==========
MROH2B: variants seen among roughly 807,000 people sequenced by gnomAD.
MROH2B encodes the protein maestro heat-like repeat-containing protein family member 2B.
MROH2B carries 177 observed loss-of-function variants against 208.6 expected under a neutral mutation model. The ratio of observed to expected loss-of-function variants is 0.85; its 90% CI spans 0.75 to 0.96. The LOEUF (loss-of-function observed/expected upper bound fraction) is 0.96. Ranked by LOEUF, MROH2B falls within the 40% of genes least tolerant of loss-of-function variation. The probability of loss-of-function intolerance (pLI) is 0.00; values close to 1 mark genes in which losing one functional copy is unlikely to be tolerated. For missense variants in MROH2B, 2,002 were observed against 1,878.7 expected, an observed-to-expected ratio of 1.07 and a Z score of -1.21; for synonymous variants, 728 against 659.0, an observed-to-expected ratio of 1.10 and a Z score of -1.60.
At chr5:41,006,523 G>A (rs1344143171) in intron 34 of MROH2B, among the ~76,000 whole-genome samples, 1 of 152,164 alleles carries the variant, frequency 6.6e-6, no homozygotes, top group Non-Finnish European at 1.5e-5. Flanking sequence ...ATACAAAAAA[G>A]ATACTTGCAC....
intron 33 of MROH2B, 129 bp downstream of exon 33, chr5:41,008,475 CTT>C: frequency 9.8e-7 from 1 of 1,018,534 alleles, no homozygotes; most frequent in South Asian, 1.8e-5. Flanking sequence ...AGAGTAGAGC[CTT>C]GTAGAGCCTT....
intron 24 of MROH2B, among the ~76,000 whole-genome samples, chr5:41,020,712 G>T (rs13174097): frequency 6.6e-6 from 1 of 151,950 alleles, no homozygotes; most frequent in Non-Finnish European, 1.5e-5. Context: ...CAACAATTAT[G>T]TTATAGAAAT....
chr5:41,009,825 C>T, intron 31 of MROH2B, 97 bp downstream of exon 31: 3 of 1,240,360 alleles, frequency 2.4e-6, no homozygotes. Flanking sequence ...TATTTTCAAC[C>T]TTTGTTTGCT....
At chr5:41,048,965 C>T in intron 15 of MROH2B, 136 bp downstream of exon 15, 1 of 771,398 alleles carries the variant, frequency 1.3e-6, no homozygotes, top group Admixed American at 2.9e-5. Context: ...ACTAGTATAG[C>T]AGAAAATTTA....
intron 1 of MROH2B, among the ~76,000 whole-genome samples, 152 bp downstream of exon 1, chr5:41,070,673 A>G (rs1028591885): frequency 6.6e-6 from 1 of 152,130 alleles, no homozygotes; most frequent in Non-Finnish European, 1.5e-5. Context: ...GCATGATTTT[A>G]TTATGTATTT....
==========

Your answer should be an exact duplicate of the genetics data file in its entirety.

MROH2B: variants seen among roughly 807,000 people sequenced by gnomAD.
MROH2B encodes the protein maestro heat-like repeat-containing protein family member 2B.
MROH2B carries 177 observed loss-of-function variants against 208.6 expected under a neutral mutation model. The ratio of observed to expected loss-of-function variants is 0.85; its 90% CI spans 0.75 to 0.96. The LOEUF (loss-of-function observed/expected upper bound fraction) is 0.96. Ranked by LOEUF, MROH2B falls within the 40% of genes least tolerant of loss-of-function variation. The probability of loss-of-function intolerance (pLI) is 0.00; values close to 1 mark genes in which losing one functional copy is unlikely to be tolerated. For missense variants in MROH2B, 2,002 were observed against 1,878.7 expected, an observed-to-expected ratio of 1.07 and a Z score of -1.21; for synonymous variants, 728 against 659.0, an observed-to-expected ratio of 1.10 and a Z score of -1.60.
At chr5:41,006,523 G>A (rs1344143171) in intron 34 of MROH2B, among the ~76,000 whole-genome samples, 1 of 152,164 alleles carries the variant, frequency 6.6e-6, no homozygotes, top group Non-Finnish European at 1.5e-5. Flanking sequence ...ATACAAAAAA[G>A]ATACTTGCAC....
intron 33 of MROH2B, 129 bp downstream of exon 33, chr5:41,008,475 CTT>C: frequency 9.8e-7 from 1 of 1,018,534 alleles, no homozygotes; most frequent in South Asian, 1.8e-5. Flanking sequence ...AGAGTAGAGC[CTT>C]GTAGAGCCTT....
intron 24 of MROH2B, among the ~76,000 whole-genome samples, chr5:41,020,712 G>T (rs13174097): frequency 6.6e-6 from 1 of 151,950 alleles, no homozygotes; most frequent in Non-Finnish European, 1.5e-5. Context: ...CAACAATTAT[G>T]TTATAGAAAT....
chr5:41,009,825 C>T, intron 31 of MROH2B, 97 bp downstream of exon 31: 3 of 1,240,360 alleles, frequency 2.4e-6, no homozygotes. Flanking sequence ...TATTTTCAAC[C>T]TTTGTTTGCT....
At chr5:41,048,965 C>T in intron 15 of MROH2B, 136 bp downstream of exon 15, 1 of 771,398 alleles carries the variant, frequency 1.3e-6, no homozygotes, top group Admixed American at 2.9e-5. Context: ...ACTAGTATAG[C>T]AGAAAATTTA....
intron 1 of MROH2B, among the ~76,000 whole-genome samples, 152 bp downstream of exon 1, chr5:41,070,673 A>G (rs1028591885): frequency 6.6e-6 from 1 of 152,130 alleles, no homozygotes; most frequent in Non-Finnish European, 1.5e-5. Context: ...GCATGATTTT[A>G]TTATGTATTT....